Thousands of Denton County residents endured power outages, water outages and other hardships during the past week. Dozens of people have died across the state due to weather-related events, and the federal government has declared Texas a national disaster. The sad part is that the power outages and rolling blackouts leading to loss of life and untold economic damage was largely a preventable, man-made disaster. All the warning signs were there, but the warnings were ignored, and many power generators brushed off the risk of a major winter event in Texas’ loosely regulated electricity market.

The Texas power grid failure is now readily apparent for every resident of Texas to see. After several decades with ERCOT and our experiment with deregulated electricity, it remains to be seen what Texas legislators will do to correct obvious electric grid deficiencies. The finger pointing in Austin is likely going to be frantic as the fallout continues to be assessed. Governor Abbot, former governor Rick Perry and others in the largely conservative-controlled Texas legislature were quick to call out renewable energy as the culprit for the power failures in Texas. The truth is much more damaging.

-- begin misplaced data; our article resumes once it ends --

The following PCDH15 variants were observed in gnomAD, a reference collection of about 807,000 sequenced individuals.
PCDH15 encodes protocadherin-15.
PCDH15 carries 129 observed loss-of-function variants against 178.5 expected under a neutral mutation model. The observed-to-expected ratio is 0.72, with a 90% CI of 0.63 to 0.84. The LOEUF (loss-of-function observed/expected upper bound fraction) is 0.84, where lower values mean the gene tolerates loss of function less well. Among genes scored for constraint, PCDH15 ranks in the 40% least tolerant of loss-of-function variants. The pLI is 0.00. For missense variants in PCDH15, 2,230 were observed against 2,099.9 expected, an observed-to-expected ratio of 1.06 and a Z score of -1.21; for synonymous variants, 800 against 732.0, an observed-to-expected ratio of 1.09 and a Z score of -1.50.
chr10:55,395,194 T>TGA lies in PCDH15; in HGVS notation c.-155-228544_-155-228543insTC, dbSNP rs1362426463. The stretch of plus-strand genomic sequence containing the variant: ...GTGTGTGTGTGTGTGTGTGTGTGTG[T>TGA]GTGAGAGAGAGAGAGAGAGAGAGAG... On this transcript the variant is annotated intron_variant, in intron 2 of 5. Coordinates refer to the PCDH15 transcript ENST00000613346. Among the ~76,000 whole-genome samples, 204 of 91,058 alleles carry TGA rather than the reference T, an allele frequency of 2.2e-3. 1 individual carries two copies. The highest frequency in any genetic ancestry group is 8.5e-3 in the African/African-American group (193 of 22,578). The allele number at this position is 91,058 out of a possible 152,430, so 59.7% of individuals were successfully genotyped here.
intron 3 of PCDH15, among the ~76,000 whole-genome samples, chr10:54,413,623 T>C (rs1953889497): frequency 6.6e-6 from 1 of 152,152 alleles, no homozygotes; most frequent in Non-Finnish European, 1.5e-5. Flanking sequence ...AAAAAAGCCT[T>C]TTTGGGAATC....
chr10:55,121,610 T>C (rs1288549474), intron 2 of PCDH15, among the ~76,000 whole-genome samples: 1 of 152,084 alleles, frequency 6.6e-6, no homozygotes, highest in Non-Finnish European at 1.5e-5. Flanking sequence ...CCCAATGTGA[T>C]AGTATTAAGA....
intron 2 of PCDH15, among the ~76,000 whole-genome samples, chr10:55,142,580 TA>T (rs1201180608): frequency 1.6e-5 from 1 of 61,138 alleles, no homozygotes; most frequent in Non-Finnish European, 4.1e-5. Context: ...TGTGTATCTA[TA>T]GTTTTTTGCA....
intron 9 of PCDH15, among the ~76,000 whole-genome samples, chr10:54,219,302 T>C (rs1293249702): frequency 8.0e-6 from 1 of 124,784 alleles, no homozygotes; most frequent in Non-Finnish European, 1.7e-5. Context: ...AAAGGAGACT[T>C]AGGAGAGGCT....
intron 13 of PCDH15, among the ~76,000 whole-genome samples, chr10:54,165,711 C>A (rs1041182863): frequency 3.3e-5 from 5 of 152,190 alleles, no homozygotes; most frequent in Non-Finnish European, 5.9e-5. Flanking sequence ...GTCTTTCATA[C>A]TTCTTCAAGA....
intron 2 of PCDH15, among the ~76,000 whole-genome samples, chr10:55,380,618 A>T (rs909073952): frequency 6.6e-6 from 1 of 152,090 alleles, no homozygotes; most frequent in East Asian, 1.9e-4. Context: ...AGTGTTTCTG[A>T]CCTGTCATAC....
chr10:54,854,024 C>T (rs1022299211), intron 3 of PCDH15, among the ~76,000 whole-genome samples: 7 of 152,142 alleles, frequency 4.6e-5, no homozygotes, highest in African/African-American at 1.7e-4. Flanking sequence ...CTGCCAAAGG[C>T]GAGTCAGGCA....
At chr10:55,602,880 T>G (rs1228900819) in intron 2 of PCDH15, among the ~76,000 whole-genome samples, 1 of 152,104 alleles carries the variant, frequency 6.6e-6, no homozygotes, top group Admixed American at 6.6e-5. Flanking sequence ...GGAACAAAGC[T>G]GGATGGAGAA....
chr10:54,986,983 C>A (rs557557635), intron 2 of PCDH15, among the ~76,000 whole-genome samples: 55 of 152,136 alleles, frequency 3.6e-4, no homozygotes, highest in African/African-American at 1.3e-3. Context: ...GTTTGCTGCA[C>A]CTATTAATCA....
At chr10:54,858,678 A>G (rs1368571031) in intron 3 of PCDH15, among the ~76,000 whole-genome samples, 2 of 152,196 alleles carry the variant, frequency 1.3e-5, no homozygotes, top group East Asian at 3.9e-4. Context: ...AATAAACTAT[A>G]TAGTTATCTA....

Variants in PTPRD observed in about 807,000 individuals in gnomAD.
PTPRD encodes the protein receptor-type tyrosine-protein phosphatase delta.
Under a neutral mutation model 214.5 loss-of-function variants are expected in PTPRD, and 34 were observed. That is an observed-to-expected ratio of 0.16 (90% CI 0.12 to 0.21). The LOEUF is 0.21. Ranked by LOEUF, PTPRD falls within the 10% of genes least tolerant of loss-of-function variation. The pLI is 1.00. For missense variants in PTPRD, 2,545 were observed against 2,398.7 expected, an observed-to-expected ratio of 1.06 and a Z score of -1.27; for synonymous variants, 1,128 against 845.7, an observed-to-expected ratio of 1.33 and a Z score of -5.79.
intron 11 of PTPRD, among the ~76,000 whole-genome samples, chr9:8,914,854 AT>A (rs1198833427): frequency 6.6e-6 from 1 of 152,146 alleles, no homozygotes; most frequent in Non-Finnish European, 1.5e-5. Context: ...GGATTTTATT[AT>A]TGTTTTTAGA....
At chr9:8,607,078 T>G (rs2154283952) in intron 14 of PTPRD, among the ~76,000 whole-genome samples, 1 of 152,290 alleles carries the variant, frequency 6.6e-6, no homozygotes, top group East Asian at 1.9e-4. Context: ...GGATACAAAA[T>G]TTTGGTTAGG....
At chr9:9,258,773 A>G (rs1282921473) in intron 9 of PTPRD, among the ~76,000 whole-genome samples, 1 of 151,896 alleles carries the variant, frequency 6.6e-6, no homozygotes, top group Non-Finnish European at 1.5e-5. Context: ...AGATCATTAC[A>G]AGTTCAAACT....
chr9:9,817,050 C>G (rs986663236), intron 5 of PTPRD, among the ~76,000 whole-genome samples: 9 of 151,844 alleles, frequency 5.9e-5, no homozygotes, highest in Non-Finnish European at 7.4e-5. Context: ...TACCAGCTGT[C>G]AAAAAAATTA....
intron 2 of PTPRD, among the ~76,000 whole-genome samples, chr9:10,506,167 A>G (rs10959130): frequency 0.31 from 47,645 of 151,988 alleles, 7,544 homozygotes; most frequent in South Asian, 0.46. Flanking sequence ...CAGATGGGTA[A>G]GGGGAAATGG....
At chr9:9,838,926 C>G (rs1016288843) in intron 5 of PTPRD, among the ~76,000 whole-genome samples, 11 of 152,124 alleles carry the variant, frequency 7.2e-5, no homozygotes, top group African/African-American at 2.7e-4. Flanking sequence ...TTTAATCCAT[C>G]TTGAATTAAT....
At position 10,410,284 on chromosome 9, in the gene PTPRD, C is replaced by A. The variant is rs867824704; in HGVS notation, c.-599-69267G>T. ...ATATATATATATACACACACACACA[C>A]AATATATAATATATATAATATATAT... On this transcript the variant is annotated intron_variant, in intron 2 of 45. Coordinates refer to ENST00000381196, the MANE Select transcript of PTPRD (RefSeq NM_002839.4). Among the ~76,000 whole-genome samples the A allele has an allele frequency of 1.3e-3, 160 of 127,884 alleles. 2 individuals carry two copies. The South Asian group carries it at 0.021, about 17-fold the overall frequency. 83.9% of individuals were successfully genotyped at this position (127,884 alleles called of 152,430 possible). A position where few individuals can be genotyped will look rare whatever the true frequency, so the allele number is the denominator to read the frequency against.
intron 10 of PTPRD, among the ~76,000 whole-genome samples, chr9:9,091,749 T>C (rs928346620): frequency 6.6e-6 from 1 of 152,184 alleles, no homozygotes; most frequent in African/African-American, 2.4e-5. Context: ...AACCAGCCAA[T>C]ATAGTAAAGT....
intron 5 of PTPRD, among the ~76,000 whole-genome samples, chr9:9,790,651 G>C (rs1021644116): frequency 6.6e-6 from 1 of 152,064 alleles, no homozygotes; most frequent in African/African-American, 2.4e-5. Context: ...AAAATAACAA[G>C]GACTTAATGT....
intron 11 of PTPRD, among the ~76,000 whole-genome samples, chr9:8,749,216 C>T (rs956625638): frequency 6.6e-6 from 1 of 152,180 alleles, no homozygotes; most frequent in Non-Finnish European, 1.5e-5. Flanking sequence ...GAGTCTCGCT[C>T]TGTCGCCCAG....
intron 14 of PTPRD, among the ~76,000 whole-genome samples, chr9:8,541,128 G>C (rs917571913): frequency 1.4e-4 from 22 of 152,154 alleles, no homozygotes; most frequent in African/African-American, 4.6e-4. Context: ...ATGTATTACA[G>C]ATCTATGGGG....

The truth is that our leaders failed us miserably. From Austin to ERCOT to the power companies, it was a massive multi-year undertaking to set the stage for what will be surely remembered as a major disaster in the history of Texas.

Starting with Austin, it is the height of hypocrisy for government officials to try to blame frozen windmills for the loss of life and billions in economic damage when the majority of the states electricity is still generated by fossil fuels. Natural gas is still the largest source of electricity generation in Texas, and Denton County is no different. 2020 figures from the Electric Reliability Council of Texas ERCOT confirm that natural gas is responsible for 40 percent of the electricity generation in Texas. Coal comes in 3rd behind the growing wind component in Texas. Texas’ continued reliance on fossil fuels is common knowledge, but those facts didn’t get in the way of some ridiculous anti-regulatory spin from Texas politicians. Former governor, Rick Perry, even suggested many Texans would be willing to go without power to keep federal regulators out of the state’s power grid. Ted Cruz was eager to help, jumping on a plane to Cancun to weather out the storm with his family in a more tropical setting, while millions of Texans were without power or water.